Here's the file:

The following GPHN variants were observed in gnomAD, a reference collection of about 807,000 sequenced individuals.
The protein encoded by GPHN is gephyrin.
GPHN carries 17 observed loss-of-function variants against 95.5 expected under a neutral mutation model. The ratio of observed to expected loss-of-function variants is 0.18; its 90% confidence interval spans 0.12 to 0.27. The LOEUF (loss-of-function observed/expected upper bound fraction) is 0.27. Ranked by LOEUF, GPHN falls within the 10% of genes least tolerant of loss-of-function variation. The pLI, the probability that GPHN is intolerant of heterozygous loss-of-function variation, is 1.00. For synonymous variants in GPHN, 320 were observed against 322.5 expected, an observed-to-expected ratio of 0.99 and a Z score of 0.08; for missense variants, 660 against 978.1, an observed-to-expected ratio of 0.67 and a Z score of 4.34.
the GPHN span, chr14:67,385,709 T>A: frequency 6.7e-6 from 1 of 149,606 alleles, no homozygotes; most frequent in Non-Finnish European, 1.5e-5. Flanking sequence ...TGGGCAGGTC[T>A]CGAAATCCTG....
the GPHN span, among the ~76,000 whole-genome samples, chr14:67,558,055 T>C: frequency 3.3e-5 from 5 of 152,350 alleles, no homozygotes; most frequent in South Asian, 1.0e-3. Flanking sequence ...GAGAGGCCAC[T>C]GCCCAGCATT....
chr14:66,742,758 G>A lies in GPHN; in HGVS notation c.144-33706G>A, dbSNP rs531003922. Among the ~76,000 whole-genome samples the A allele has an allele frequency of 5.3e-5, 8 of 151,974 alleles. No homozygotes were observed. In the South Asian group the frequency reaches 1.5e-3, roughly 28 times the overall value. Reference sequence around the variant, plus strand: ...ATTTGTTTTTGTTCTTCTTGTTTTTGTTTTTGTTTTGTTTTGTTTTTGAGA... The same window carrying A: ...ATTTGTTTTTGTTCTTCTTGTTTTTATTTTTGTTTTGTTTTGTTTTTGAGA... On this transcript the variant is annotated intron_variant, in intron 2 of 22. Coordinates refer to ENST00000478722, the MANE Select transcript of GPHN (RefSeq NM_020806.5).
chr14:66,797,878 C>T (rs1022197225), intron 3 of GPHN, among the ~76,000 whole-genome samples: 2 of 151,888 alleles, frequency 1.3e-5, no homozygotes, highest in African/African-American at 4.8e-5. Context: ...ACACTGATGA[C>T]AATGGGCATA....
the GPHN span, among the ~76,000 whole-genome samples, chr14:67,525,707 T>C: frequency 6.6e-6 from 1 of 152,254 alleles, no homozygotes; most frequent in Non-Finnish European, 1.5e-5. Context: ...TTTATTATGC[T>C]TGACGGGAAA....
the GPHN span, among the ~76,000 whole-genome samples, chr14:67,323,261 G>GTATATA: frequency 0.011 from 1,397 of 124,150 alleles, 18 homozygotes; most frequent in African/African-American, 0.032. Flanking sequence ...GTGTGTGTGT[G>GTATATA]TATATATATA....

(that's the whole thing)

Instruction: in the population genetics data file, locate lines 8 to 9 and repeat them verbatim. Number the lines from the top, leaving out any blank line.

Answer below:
the GPHN span, among the ~76,000 whole-genome samples, chr14:67,525,707 T>C: frequency 6.6e-6 from 1 of 152,254 alleles, no homozygotes; most frequent in Non-Finnish European, 1.5e-5. Context: ...TTTATTATGC[T>C]TGACGGGAAA....
the GPHN span, among the ~76,000 whole-genome samples, chr14:67,323,261 G>GTATATA: frequency 0.011 from 1,397 of 124,150 alleles, 18 homozygotes; most frequent in African/African-American, 0.032. Flanking sequence ...GTGTGTGTGT[G>GTATATA]TATATATATA....